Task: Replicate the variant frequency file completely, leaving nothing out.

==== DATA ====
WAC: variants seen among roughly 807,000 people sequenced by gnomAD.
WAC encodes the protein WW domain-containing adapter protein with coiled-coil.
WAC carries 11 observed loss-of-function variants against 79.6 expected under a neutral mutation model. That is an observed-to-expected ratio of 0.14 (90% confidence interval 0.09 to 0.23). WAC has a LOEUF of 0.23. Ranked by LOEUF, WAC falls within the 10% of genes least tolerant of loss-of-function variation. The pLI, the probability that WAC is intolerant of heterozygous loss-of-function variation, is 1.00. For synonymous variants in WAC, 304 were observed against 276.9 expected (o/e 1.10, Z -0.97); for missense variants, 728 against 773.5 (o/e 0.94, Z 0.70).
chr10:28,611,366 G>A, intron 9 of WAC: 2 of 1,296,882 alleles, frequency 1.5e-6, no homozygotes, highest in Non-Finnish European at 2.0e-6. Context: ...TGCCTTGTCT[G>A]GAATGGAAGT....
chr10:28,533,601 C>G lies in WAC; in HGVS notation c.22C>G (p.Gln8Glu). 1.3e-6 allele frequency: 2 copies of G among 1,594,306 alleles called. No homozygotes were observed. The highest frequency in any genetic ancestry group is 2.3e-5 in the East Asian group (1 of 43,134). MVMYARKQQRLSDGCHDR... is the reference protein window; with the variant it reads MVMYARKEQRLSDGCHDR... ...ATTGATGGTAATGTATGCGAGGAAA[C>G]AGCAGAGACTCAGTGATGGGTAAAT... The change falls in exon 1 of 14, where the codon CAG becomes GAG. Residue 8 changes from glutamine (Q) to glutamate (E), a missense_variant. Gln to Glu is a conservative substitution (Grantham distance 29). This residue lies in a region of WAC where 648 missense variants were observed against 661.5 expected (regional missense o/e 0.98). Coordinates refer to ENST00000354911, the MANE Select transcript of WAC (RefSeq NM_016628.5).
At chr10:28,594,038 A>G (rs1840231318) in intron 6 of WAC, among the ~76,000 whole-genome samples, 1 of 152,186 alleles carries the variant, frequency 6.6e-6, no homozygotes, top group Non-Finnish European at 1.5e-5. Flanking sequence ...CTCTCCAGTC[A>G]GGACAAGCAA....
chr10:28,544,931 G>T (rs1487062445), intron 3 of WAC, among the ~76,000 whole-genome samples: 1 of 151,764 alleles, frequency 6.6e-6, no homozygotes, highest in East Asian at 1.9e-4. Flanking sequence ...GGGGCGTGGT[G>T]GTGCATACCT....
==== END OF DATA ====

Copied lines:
WAC: variants seen among roughly 807,000 people sequenced by gnomAD.
WAC encodes the protein WW domain-containing adapter protein with coiled-coil.
WAC carries 11 observed loss-of-function variants against 79.6 expected under a neutral mutation model. That is an observed-to-expected ratio of 0.14 (90% confidence interval 0.09 to 0.23). WAC has a LOEUF of 0.23. Ranked by LOEUF, WAC falls within the 10% of genes least tolerant of loss-of-function variation. The pLI, the probability that WAC is intolerant of heterozygous loss-of-function variation, is 1.00. For synonymous variants in WAC, 304 were observed against 276.9 expected (o/e 1.10, Z -0.97); for missense variants, 728 against 773.5 (o/e 0.94, Z 0.70).
chr10:28,611,366 G>A, intron 9 of WAC: 2 of 1,296,882 alleles, frequency 1.5e-6, no homozygotes, highest in Non-Finnish European at 2.0e-6. Context: ...TGCCTTGTCT[G>A]GAATGGAAGT....
chr10:28,533,601 C>G lies in WAC; in HGVS notation c.22C>G (p.Gln8Glu). 1.3e-6 allele frequency: 2 copies of G among 1,594,306 alleles called. No homozygotes were observed. The highest frequency in any genetic ancestry group is 2.3e-5 in the East Asian group (1 of 43,134). MVMYARKQQRLSDGCHDR... is the reference protein window; with the variant it reads MVMYARKEQRLSDGCHDR... ...ATTGATGGTAATGTATGCGAGGAAA[C>G]AGCAGAGACTCAGTGATGGGTAAAT... The change falls in exon 1 of 14, where the codon CAG becomes GAG. Residue 8 changes from glutamine (Q) to glutamate (E), a missense_variant. Gln to Glu is a conservative substitution (Grantham distance 29). This residue lies in a region of WAC where 648 missense variants were observed against 661.5 expected (regional missense o/e 0.98). Coordinates refer to ENST00000354911, the MANE Select transcript of WAC (RefSeq NM_016628.5).
At chr10:28,594,038 A>G (rs1840231318) in intron 6 of WAC, among the ~76,000 whole-genome samples, 1 of 152,186 alleles carries the variant, frequency 6.6e-6, no homozygotes, top group Non-Finnish European at 1.5e-5. Flanking sequence ...CTCTCCAGTC[A>G]GGACAAGCAA....
chr10:28,544,931 G>T (rs1487062445), intron 3 of WAC, among the ~76,000 whole-genome samples: 1 of 151,764 alleles, frequency 6.6e-6, no homozygotes, highest in East Asian at 1.9e-4. Flanking sequence ...GGGGCGTGGT[G>T]GTGCATACCT....